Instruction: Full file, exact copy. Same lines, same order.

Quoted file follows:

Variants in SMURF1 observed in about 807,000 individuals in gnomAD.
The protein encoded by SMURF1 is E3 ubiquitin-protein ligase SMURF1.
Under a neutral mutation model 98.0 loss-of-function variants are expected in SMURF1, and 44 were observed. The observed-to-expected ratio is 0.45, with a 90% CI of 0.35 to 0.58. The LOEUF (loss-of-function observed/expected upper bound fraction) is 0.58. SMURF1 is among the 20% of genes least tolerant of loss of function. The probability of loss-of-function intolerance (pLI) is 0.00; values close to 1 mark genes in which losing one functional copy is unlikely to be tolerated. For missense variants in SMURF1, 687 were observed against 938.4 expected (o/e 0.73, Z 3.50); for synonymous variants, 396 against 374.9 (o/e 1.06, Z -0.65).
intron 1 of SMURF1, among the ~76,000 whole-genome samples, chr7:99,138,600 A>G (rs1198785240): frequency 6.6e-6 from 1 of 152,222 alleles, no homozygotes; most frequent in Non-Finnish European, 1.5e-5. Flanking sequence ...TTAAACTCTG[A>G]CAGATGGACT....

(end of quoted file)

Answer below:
Variants in SMURF1 observed in about 807,000 individuals in gnomAD.
The protein encoded by SMURF1 is E3 ubiquitin-protein ligase SMURF1.
Under a neutral mutation model 98.0 loss-of-function variants are expected in SMURF1, and 44 were observed. The observed-to-expected ratio is 0.45, with a 90% CI of 0.35 to 0.58. The LOEUF (loss-of-function observed/expected upper bound fraction) is 0.58. SMURF1 is among the 20% of genes least tolerant of loss of function. The probability of loss-of-function intolerance (pLI) is 0.00; values close to 1 mark genes in which losing one functional copy is unlikely to be tolerated. For missense variants in SMURF1, 687 were observed against 938.4 expected (o/e 0.73, Z 3.50); for synonymous variants, 396 against 374.9 (o/e 1.06, Z -0.65).
intron 1 of SMURF1, among the ~76,000 whole-genome samples, chr7:99,138,600 A>G (rs1198785240): frequency 6.6e-6 from 1 of 152,222 alleles, no homozygotes; most frequent in Non-Finnish European, 1.5e-5. Flanking sequence ...TTAAACTCTG[A>G]CAGATGGACT....